MOWA’s Mona Boulware Webb Curatorial Engagement Fellow Brianna Cole talked recently with Jacob Bautista, exhibiting artist in Magic Wilderness, on view October 22–January 15. Jacob Bautista is a printmaker and draftsperson. Originally from Amarillo, Texas, he holds an MA and MFA in printmaking from the University of Wisconsin–Madison and a BFA in printmaking from West Texas A&M. Jacob is currently a lecturer at the University of Wisconsin–Platteville, teaching printmaking, drawing, and 2D design.
“Tall and textured, with a warm translucent quality, the “Bautista Trees,” as we affectionately call them, were a perfect fit for the imagined ecosystem we wanted to create for the Magic Wilderness exhibition. Having twenty individual trees allowed us the opportunity to create an immersive experience.” – Anwar Floyd-Pruitt, MOWA Associate Curator of Contemporary Art
Brianna Cole: So, when did you start this work on the paper trees and how did you go from a background in a flat medium like printmaking to these large three-dimensional objects?
Jacob Bautista: I’ve been making and developing them for at least two years. They were a part of my MA and MFA thesis show. In terms of how I went from 2D to 3D, I took a papermaking class because I was interested in the process. I had no notion of what exactly I was going to be doing, I just knew that I wanted to learn the process.
I had been making images—drawings and prints—based on the forest and how it appears in myths and tales. It’s this strange place that is totally alive. You can’t see everything around you; you experience the fear of the unknown. I’m originally from a part of Texas that has very few trees and if there is a tree, it’s more like a shrub. You can see for miles on and on. In Wisconsin, I’m now experiencing hills and trees and greenery.
My first year here, I went to a small park near my apartment, and it was a very strange experience. I expected to have a nice walk and enjoy it, but I had a totally opposite reaction. Being surrounded by trees and not being able to see everything around me gave me anxiety. I was really inspired by that experience and the fear of the unknown. I thought of trying to recreate that experience for the viewer, and that’s where the 3D aspect came from.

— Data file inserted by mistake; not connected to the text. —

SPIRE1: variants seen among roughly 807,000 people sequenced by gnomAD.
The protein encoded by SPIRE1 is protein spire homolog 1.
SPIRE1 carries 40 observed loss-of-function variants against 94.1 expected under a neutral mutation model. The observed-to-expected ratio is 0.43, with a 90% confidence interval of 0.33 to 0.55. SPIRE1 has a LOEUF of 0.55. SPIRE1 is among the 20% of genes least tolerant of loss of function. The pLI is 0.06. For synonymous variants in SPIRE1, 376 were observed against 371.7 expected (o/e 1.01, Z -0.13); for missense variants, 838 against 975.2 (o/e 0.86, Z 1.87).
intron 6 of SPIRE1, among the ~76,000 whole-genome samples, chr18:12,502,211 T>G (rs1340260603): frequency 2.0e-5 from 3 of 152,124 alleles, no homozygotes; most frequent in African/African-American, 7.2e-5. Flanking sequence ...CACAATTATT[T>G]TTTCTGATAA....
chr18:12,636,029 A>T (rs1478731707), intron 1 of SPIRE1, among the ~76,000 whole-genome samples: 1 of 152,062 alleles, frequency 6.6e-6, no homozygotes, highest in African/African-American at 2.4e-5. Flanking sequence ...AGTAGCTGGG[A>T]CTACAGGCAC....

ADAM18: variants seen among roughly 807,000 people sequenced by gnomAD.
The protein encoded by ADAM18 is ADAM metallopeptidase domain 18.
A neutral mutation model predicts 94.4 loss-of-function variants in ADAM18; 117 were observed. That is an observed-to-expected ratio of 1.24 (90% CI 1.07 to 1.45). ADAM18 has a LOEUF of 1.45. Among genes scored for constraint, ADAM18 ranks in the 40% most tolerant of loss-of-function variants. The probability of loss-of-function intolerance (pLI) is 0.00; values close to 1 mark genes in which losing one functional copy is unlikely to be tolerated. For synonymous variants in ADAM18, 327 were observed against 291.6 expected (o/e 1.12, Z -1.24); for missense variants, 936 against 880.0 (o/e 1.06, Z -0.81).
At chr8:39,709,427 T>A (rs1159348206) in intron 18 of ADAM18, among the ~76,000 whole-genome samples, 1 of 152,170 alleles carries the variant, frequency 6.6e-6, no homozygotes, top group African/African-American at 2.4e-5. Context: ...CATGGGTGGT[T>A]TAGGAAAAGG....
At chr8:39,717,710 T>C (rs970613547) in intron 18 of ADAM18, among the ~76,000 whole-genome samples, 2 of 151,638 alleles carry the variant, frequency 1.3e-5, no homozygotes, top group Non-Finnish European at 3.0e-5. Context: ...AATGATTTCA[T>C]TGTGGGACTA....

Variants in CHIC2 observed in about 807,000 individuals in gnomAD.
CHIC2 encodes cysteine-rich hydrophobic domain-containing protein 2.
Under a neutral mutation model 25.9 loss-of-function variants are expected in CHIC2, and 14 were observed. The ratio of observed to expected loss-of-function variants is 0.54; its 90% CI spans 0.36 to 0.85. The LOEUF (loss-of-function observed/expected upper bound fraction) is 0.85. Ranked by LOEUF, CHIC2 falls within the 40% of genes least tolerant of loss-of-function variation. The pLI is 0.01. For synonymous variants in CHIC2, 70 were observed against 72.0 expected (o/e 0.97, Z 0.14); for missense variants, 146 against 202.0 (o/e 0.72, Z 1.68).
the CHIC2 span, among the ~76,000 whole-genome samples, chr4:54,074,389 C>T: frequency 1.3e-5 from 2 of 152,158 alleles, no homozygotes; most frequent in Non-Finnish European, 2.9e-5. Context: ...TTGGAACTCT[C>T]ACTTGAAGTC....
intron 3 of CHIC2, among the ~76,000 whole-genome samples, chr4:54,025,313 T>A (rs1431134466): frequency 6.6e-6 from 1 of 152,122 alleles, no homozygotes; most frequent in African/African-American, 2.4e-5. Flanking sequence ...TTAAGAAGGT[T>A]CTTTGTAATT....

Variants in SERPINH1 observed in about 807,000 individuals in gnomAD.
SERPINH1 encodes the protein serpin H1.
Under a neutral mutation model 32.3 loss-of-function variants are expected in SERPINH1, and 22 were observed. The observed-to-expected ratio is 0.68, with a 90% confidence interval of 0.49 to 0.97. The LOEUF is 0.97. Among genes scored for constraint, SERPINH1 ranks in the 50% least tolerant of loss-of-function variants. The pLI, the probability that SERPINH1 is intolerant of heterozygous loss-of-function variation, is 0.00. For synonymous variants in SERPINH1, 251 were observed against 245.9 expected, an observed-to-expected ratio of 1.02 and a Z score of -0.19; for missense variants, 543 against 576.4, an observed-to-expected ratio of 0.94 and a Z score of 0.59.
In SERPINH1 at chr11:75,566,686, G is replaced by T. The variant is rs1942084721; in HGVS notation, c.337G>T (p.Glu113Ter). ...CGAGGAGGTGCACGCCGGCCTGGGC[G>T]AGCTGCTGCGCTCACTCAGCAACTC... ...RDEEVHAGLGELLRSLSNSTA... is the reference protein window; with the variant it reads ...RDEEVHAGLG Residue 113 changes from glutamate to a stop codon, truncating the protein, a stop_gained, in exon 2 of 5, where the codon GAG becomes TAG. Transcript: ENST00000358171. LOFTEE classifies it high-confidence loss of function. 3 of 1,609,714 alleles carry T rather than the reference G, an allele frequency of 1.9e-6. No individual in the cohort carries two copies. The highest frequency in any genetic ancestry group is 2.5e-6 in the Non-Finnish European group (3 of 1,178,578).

BC: Can you talk a bit about the process of building these trees?
JB: When I first started, I was making them in 4-foot halves and then putting them together to make an 8-foot-tall tree. The seam line disappeared somewhat, but I knew that it was still there and that always bothered me. For the MFA work I got a big aluminum pipe that was 10 feet tall. I’d use a flax fiber pulp and many of the processes I learned in that papermaking course and from my professor to make about 12 to 14 sheets of 18-by-24-inch paper. While damp, the sheets are strong enough to be manipulated. Using a ladder, I started from the top to attach the sheets to the metal pipe. The damp sheets adhere naturally, but I follow up with glue to make sure the form doesn’t fall apart. As it dries, I create folds and creases. The flax fiber shrinks as it dries, which allows the fibers to get tighter. When the form is taken off the metal pipe, it has a ghostly hollow tree shape.